# Problem of the Week #69 - July 22nd, 2013

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#### Chris L T521

##### Well-known member
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Thanks again to those who participated in last week's POTW! Here's this week's problem!

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Problem: A right circular cylinder is inscribed in a cone with height $h$ and base radius $r$. Find the largest possible volume of such a cylinder.

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#### Chris L T521

##### Well-known member
Staff member
This week's question was correctly answered by Ackbach, anemone, MarkFL, and mathworker.

Here's Ackbach's solution (with graphic included by yours truly):

Let the radius of the cylinder be $s$, and its height $g$. The volume of the cylinder is then $V=\pi s^{2}g$. We will put the apex of the cone at the point $(0,h)$, and the center of the base at the origin. Then the center of the cylinder's base will also be at the origin. Consider a section of the cone with the $xy$ plane (see Figure 1). The portion of the section in the first quadrant is a straight line with equation $y=-(h/r)x+h$. Since the cylinder is inscribed, its top must intersect with this section. That is, the point $(s,g)$ must line on this line. Hence, $g=-(h/r)s+h$. Plugging this into the volume formula yields the expression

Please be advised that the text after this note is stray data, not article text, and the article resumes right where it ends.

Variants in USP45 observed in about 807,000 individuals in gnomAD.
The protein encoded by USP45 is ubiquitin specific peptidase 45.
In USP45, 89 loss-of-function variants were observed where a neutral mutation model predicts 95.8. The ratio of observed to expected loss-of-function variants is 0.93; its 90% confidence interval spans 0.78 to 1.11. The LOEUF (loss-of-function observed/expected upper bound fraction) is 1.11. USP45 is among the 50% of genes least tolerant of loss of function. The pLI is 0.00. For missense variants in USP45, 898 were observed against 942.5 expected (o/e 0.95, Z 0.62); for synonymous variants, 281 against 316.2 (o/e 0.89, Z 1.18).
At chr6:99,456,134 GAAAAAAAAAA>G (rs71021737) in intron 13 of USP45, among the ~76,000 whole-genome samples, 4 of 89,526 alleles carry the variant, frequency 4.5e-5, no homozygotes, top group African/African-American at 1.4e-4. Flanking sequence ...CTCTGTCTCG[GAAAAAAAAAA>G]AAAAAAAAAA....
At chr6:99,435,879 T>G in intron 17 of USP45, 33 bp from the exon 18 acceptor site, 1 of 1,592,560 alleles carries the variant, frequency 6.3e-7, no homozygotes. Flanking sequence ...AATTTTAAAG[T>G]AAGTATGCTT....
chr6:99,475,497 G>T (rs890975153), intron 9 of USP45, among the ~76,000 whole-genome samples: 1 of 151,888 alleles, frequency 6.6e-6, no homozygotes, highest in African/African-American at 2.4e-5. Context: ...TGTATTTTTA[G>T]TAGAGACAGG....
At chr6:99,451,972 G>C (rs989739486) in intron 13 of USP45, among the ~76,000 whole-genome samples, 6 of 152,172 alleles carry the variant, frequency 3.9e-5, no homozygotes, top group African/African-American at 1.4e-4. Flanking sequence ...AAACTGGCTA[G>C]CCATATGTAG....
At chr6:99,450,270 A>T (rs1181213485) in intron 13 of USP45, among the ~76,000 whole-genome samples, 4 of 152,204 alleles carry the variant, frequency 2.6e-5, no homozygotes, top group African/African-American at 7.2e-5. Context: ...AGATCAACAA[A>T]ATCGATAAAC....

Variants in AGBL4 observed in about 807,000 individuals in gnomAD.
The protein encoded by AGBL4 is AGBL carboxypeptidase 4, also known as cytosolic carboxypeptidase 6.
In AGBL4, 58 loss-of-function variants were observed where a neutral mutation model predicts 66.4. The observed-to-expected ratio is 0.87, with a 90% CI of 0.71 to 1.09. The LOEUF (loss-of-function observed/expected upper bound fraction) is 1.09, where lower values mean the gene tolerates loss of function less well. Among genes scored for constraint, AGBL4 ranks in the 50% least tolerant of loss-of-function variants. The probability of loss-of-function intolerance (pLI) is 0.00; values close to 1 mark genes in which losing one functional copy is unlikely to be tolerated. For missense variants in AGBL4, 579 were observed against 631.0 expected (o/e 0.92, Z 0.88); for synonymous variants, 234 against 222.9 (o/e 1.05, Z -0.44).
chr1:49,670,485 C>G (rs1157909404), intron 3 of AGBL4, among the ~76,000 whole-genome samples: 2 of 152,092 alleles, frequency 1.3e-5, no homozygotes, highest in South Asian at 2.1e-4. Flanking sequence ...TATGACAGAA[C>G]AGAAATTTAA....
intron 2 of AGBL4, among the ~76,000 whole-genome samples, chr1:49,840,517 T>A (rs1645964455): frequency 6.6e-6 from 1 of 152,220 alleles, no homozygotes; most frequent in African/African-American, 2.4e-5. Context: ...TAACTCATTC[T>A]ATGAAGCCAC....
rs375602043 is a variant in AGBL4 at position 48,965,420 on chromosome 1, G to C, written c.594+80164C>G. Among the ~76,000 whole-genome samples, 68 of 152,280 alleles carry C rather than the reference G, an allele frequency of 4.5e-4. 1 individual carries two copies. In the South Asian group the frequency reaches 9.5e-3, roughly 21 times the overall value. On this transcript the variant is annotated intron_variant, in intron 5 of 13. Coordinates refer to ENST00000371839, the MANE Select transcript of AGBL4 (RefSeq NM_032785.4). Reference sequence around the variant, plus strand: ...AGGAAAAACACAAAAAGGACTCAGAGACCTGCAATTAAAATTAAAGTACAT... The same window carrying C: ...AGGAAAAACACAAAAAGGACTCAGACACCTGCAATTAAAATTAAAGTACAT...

$$V=\pi s^{2} \left( - \frac{h}{r} s+h\right).$$
Here $V=V(s)$, and $h$ and $r$ are constants. We seek to maximize this function. Therefore, we take its derivative and set it equal to zero to obtain
$$V'(s)=-\frac{3 \pi h s^{2}}{r}+2 \pi h s=0 \implies s=0 \quad \text{or} \quad 2 = \frac{3 s}{r} \implies s= \frac{2r}{3}.$$
Therefore, the maximum volume is
$$V_{ \max}=V(2r/3)=\pi h (2r/3)^{2} \left(1 - \frac{2r/3}{r} \right)=\pi h \cdot \frac{4r^{2}}{27}.$$

Here's anemone's solution: Let R and H represent the radius and height of the circular cylinder that is inscribed in a cone with height [FONT=MathJax_Math]h[/FONT] and base radius [FONT=MathJax_Math]r[/FONT].

We know that if two triangles are similar, their corresponding side lengths are proportional. We see that the two triangles ACD and BCE are similar, hence,

$$\displaystyle \frac{r}{h}=\frac{R}{h-H}$$

Rearrange the equation to make H the subject (because in this problem we want to find the maximize volume of the cylinder where its formula is $$\displaystyle V_{\text {cylinder}}=\pi R^2h$$, it would be easier for us to make the equation of V in terms of only one variable, i.e. to get the formula of H in terms of R.):

$$\displaystyle r(h-H)=rR$$

$$\displaystyle H=\frac{h(r-R)}{r}$$

Hence,

$$\displaystyle V_{\text {cylinder}}=\pi R^2h=\pi R^2\left(\frac{h(r-R)}{r}\right)=\frac{\pi R^2h(r-R)}{r}$$

To find $$\displaystyle V_{\text{max}}$$, we find its first derivative w.r.t. R and then use the second derivative test to determine if it's a maximum value:

$$\displaystyle \frac{dV_{\text {cylinder}}}{dR}=\frac{d\left(\frac{\pi R^2h(r-R)}{r}\right)}{dR}=\frac{\pi Rh(2r-3R)}{r}$$; $$\displaystyle \frac{d^2V_{\text {cylinder}}}{dR^2}=\frac{2\pi h-6 \pi R}{r}$$

$$\displaystyle \frac{dV_{\text {cylinder}}}{dR}=0$$ iff $$\displaystyle 2r-3R=0\;\rightarrow R=\frac{2r}{3}$$ $$\displaystyle \rightarrow \frac{d^2V_{\text {cylinder}}}{dR^2}=\frac{2\pi h-6 \pi (\frac{2r}{3})}{r}=-2\pi h (<0)$$

Hence we can conclude now that $$\displaystyle V_{\text{max}}=\pi R^2 h=\pi(\frac{2r}{3})^2(\frac{h(r-R)}{r})=\pi(\frac{4r^2}{9})(\frac{h(r-(\frac{2r}{3}))}{r})=\frac{4 \pi r^2h}{27}$$.

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